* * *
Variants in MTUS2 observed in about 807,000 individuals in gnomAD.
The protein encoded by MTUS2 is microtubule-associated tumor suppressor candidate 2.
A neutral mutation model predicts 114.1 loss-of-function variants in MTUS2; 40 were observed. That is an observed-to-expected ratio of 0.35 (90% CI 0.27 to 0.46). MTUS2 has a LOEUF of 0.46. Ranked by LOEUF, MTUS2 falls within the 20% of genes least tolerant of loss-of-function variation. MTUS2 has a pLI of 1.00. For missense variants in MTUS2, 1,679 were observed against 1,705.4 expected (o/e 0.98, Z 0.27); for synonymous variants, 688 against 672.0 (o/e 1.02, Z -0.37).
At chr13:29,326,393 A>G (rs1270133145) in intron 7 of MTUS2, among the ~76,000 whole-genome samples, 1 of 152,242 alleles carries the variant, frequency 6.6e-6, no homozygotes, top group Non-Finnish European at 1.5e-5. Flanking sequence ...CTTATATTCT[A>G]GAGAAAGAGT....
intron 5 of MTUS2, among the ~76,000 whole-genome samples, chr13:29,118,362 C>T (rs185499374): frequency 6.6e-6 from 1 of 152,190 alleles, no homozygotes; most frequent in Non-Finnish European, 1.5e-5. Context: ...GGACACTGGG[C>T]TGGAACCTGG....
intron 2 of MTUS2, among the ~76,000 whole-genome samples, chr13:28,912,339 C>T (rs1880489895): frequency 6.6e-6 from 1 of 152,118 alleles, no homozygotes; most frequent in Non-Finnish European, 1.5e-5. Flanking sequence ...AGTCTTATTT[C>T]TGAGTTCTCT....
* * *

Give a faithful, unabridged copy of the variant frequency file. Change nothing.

Variants in MTUS2 observed in about 807,000 individuals in gnomAD.
The protein encoded by MTUS2 is microtubule-associated tumor suppressor candidate 2.
A neutral mutation model predicts 114.1 loss-of-function variants in MTUS2; 40 were observed. That is an observed-to-expected ratio of 0.35 (90% CI 0.27 to 0.46). MTUS2 has a LOEUF of 0.46. Ranked by LOEUF, MTUS2 falls within the 20% of genes least tolerant of loss-of-function variation. MTUS2 has a pLI of 1.00. For missense variants in MTUS2, 1,679 were observed against 1,705.4 expected (o/e 0.98, Z 0.27); for synonymous variants, 688 against 672.0 (o/e 1.02, Z -0.37).
At chr13:29,326,393 A>G (rs1270133145) in intron 7 of MTUS2, among the ~76,000 whole-genome samples, 1 of 152,242 alleles carries the variant, frequency 6.6e-6, no homozygotes, top group Non-Finnish European at 1.5e-5. Flanking sequence ...CTTATATTCT[A>G]GAGAAAGAGT....
intron 5 of MTUS2, among the ~76,000 whole-genome samples, chr13:29,118,362 C>T (rs185499374): frequency 6.6e-6 from 1 of 152,190 alleles, no homozygotes; most frequent in Non-Finnish European, 1.5e-5. Context: ...GGACACTGGG[C>T]TGGAACCTGG....
intron 2 of MTUS2, among the ~76,000 whole-genome samples, chr13:28,912,339 C>T (rs1880489895): frequency 6.6e-6 from 1 of 152,118 alleles, no homozygotes; most frequent in Non-Finnish European, 1.5e-5. Flanking sequence ...AGTCTTATTT[C>T]TGAGTTCTCT....